Parameter estimation: \begin{align} \mu_{\alpha c} &\leftarrow \frac{1}{n_c} \sum_{i = 1}^{n} I(y_i = c) x_{i\alpha} && \text{where $n_c = \sum_{i=1}^{n} I(y_i = c)$} \\ \sigma_{\alpha c}^2 &\leftarrow \frac{1}{n_c} \sum_{i=1}^{n} I(y_i = c)(x_{i\alpha} - \mu_{\alpha c})^2 \end{align}

### Naive Bayes is a linear classifier

1. Suppose that $y_i \in \{-1, +1\}$ and features are multinomial

We can show that $$h(\vec{x}) = argmax_y \; P(y) \prod_{\alpha - 1}^d P(x_\alpha \mid y) = sign(\vec{w}^\top \vec{x} + b)$$ That is, $$\vec{w}^\top \vec{x} + b > 0 \Longleftrightarrow h(\vec{x}) = +1.$$

As before, we define $P(x_\alpha|y=+1)\propto\theta_{\alpha+}^{x_\alpha}$ and $P(Y=+1)=\pi_+$: \begin{align} [\vec{w}]_\alpha &= log(\theta_{\alpha +}) - log(\theta_{\alpha -}) \\ b &= log(\pi_+) - log(\pi_-) \end{align} If we use the above to do classification, we can compute for $\vec{w}^\top \cdot \vec{x} + b$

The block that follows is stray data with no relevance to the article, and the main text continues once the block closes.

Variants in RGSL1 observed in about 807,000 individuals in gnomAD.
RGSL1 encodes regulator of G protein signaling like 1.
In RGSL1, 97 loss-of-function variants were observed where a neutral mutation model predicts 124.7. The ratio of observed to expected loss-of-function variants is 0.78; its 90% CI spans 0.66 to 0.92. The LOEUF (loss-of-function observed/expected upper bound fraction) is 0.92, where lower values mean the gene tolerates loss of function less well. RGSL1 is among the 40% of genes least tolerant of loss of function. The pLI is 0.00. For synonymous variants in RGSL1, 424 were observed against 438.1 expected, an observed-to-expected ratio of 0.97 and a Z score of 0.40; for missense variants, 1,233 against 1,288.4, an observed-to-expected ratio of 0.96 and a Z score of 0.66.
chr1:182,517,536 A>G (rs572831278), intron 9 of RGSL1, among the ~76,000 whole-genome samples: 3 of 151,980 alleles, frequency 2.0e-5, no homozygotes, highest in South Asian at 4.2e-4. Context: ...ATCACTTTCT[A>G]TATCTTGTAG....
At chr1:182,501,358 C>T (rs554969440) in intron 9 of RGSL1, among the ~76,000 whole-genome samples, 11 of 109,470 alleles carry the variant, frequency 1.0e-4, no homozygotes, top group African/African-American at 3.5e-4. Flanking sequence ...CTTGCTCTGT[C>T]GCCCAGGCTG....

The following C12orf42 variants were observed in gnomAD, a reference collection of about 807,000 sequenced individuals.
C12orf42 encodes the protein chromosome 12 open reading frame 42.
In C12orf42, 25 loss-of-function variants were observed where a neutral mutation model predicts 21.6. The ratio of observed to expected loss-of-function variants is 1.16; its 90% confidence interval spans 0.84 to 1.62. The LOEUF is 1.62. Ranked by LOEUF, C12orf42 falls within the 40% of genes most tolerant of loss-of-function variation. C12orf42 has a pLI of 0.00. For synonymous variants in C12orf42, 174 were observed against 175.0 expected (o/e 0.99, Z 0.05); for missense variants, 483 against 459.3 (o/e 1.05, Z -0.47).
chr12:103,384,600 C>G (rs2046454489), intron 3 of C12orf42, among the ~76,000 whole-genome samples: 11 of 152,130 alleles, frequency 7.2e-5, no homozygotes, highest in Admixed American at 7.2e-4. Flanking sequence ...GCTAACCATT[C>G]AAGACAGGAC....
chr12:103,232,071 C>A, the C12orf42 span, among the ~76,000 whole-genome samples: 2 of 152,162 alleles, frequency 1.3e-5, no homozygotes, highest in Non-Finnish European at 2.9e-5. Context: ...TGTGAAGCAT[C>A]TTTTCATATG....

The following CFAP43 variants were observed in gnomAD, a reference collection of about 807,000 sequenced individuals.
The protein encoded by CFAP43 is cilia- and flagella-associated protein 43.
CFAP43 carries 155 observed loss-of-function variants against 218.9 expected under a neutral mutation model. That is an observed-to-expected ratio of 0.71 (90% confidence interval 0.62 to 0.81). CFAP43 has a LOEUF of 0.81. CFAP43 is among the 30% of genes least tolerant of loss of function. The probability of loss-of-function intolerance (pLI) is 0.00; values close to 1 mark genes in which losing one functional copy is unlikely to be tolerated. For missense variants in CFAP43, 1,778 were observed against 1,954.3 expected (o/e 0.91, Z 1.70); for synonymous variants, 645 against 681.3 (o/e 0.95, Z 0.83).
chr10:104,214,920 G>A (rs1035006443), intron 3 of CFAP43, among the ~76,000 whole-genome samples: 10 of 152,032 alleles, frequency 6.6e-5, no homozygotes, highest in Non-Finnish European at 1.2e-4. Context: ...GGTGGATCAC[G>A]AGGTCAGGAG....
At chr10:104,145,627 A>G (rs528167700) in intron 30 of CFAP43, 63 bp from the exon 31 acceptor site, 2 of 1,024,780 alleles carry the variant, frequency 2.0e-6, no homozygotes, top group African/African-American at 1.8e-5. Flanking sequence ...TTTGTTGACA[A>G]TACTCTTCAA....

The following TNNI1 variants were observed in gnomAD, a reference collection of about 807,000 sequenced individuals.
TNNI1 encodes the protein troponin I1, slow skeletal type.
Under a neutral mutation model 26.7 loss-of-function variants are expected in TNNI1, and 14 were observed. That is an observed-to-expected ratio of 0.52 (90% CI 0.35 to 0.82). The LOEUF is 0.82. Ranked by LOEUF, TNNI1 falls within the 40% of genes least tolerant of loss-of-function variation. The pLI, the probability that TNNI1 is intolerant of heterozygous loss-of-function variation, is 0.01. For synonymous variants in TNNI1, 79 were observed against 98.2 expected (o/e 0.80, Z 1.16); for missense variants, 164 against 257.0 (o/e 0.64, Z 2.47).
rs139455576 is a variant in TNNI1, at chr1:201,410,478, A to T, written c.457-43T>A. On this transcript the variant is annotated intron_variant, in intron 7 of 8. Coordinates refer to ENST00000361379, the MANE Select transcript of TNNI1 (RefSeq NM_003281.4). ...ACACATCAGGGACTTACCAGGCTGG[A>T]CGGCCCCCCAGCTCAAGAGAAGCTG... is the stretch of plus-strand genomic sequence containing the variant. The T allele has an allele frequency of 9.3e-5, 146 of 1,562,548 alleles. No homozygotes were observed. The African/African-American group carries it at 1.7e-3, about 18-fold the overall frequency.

Simplifying this further leads to \begin{align} \vec{w}^\top \cdot \vec{x} + b > 0 &\Longleftrightarrow \sum_{\alpha = 1}^{d} [\vec{x}]_\alpha (log(\theta_{\alpha +}) - log(\theta_{\alpha -})) + log(\pi_+) - log(\pi_-) > 0 \\ &\Longleftrightarrow \frac{\prod_{\alpha = 1}^{d} P([\vec{x}]_\alpha | Y = +1)\pi_+}{\prod_{\alpha =1}^{d}P([\vec{x}]_\alpha | Y = -1)\pi_-} > 1 \\ &\Longleftrightarrow P(Y = +1 | \vec{x}) > P(Y = -1 | \vec{x}) && \text{(By our naive Bayes assumption)} \\ &\Longleftrightarrow h(\vec{x}) = +1 && \text{(By definition of $h(\vec{x})$)} \end{align} 2. In the case of continuous features (Gaussian Naive Bayes), we can show that $$P(y \mid \vec{x}) = \frac{1}{1 + e^{-y (\vec{w}^\top \vec{x} +b) }}$$ This model is also known as logistic regression. NB and LR produce asymptotically the same model if the Naive Bayes assumption holds.